The Lumberjacks Of Maramures
Every Monday morning a train filled with lumberjacks leaves Viseu de Sus for the high forest of the Maramures Mountains. At eight o’clock, with clear skies making for a bitterly cold morning, but holding out the promise of a beautiful day, we gather at the timber yard owned by a Swiss company, who have allowed us to ride up with them. Part of the attraction, aside from steam engines and lumberjacks, is that the 26-mile line is the only means of access to one of the most remote valleys of this border region.
Early morning at the lumber yard is anything but romantic. We stamp our feet against the cold as the sixty or seventy lumberjacks begin to gather, the majority of them arriving by foot or on horse-drawn carts. They’re far from the rugged backwoodsmen of cliché. Ranging in age from teens to mid-fifties, these are tired men with craggy faces and chesty coughs. No colourful check shirts, rucksacks or all-weather mountain gear here. Instead they wear bobble hats, thin, often threadbare woollen jackets over shirts and sweaters and carry their belongings in plastic bags. There’s a small shop and café nearby where the lumberjacks can buy supplies: sausages, slabs of lard, bread and tins of food. At the moment it is full of railway workers in oil-stained overalls, smoking as if their lives depended on it and despatching brandies at the same time. Someone makes a joke and they laugh, more out of habit than conviction.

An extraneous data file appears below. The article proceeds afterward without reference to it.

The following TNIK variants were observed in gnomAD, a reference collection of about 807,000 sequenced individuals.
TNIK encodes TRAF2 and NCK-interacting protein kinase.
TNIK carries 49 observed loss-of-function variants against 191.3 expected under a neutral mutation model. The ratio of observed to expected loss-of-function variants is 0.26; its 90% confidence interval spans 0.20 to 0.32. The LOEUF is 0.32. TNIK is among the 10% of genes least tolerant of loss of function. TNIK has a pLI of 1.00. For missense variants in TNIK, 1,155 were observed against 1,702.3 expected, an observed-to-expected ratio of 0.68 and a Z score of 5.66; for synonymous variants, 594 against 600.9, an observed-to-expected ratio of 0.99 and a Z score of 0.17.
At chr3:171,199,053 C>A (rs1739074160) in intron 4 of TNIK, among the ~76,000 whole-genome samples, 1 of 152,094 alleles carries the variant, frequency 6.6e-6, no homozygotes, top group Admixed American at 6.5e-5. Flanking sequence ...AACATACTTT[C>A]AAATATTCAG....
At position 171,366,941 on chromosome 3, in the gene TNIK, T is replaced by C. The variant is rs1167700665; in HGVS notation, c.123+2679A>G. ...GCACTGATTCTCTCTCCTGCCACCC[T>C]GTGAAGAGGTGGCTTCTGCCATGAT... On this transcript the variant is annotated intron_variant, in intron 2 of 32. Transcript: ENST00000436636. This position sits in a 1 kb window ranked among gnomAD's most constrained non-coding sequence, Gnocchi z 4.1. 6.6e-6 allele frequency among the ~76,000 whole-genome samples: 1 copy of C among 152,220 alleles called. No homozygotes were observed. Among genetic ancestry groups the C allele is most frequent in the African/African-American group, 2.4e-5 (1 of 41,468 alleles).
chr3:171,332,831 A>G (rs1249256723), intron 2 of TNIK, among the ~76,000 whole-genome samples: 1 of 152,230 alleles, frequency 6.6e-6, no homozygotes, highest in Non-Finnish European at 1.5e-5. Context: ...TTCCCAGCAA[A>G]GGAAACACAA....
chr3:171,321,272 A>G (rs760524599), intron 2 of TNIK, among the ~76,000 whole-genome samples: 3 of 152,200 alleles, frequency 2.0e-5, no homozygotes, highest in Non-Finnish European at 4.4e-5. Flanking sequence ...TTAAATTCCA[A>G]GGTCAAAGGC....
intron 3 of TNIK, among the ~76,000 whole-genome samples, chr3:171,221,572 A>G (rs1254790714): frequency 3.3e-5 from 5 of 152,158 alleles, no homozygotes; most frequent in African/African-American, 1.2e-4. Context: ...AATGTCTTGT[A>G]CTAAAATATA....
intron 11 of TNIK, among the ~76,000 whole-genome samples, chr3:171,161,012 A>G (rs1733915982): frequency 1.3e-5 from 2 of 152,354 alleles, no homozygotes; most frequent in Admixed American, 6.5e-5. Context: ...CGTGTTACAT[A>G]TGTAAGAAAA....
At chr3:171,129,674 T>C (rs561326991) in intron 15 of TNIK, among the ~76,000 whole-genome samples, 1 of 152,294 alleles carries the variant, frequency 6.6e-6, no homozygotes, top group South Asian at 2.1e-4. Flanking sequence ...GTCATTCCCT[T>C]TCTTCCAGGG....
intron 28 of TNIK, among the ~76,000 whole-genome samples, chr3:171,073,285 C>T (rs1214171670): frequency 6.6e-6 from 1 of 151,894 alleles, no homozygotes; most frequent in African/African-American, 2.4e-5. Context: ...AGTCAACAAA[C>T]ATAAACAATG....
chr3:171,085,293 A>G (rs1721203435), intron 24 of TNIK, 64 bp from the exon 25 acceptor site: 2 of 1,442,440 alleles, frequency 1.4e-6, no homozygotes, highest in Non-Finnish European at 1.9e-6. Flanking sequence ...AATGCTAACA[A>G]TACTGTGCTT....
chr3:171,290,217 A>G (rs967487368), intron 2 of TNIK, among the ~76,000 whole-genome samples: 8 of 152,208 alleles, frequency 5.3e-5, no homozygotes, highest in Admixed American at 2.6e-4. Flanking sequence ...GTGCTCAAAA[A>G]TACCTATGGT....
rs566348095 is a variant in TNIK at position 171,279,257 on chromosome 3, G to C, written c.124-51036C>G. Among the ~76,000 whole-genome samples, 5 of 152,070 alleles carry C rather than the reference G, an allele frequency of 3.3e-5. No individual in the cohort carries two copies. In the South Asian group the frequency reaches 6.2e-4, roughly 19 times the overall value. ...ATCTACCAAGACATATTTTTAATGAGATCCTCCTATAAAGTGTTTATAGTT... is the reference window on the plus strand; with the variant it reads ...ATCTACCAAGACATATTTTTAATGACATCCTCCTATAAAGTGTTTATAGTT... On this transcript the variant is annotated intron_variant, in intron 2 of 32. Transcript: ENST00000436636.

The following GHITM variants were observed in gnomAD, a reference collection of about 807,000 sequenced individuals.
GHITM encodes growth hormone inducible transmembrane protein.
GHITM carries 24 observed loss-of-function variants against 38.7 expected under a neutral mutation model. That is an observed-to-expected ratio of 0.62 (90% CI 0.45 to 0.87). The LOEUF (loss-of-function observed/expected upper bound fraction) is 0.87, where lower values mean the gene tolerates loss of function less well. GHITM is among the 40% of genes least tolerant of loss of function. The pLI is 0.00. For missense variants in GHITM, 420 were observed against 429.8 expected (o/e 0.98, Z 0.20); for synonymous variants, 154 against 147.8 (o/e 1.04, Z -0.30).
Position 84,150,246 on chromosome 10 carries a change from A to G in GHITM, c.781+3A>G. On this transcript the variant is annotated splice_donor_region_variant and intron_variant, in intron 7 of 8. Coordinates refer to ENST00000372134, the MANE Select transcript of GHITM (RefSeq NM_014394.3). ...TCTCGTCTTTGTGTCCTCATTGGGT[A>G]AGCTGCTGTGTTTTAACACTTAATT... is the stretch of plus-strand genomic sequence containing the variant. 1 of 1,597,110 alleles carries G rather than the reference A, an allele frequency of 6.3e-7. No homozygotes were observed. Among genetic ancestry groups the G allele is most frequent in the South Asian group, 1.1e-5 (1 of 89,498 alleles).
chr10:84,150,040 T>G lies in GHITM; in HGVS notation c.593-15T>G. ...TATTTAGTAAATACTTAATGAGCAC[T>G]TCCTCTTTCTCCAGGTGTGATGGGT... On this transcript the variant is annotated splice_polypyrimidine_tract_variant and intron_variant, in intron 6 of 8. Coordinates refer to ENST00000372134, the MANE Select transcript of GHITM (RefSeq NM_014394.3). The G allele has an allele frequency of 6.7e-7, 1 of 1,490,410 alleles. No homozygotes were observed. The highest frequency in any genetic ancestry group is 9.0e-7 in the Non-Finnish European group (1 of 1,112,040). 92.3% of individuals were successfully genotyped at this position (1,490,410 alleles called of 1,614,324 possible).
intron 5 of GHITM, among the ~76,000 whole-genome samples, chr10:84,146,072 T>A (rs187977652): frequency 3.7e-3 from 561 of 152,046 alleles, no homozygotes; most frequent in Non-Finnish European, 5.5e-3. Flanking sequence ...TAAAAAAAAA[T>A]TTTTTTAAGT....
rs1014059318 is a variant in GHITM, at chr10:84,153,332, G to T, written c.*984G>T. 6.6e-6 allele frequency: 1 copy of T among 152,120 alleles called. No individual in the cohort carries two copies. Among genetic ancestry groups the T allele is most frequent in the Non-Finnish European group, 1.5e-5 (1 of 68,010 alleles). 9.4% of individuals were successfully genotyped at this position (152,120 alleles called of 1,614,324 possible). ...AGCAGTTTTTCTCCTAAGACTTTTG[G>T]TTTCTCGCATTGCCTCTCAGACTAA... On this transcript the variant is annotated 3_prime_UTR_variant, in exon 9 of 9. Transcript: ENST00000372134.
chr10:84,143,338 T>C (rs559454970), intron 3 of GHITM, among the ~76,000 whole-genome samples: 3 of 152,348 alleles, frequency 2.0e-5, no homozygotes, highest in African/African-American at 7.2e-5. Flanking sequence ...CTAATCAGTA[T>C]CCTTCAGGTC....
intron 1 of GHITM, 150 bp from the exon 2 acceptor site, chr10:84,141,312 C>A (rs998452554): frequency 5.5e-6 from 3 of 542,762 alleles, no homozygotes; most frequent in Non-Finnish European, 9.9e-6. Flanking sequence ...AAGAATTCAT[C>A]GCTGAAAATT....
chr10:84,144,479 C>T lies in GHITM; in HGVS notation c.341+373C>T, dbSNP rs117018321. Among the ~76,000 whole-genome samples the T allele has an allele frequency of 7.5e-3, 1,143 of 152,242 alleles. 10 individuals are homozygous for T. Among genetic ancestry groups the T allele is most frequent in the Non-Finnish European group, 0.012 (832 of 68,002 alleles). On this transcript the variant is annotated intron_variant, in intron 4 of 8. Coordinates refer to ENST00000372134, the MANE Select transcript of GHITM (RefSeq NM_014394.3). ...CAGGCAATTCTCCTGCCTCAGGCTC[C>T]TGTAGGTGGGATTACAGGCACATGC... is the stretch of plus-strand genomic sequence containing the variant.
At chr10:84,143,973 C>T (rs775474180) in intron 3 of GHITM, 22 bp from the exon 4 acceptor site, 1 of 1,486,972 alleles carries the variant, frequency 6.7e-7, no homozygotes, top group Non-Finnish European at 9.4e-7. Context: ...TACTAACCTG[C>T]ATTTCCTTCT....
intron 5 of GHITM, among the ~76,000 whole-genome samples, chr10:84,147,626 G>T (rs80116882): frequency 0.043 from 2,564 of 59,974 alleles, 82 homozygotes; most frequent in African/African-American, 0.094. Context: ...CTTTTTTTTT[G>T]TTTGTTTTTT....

A lady in a headscarf makes us tea, which comes in small glasses, ready-sugared like in India. Through a dusty window I can see the sunlight beginning to creep down the mountain on the far side of the valley, turning its forested flank into a pyramid of gold.
Just before 9.30 a plume of smoke erupts from inside the yard and a tank engine, Romanian-built in 1954, chugs out pulling a flat-bed wagon stacked with wood for the boiler, another wagon with seats but open at the sides, a covered coach and two or three low-loaders for timber.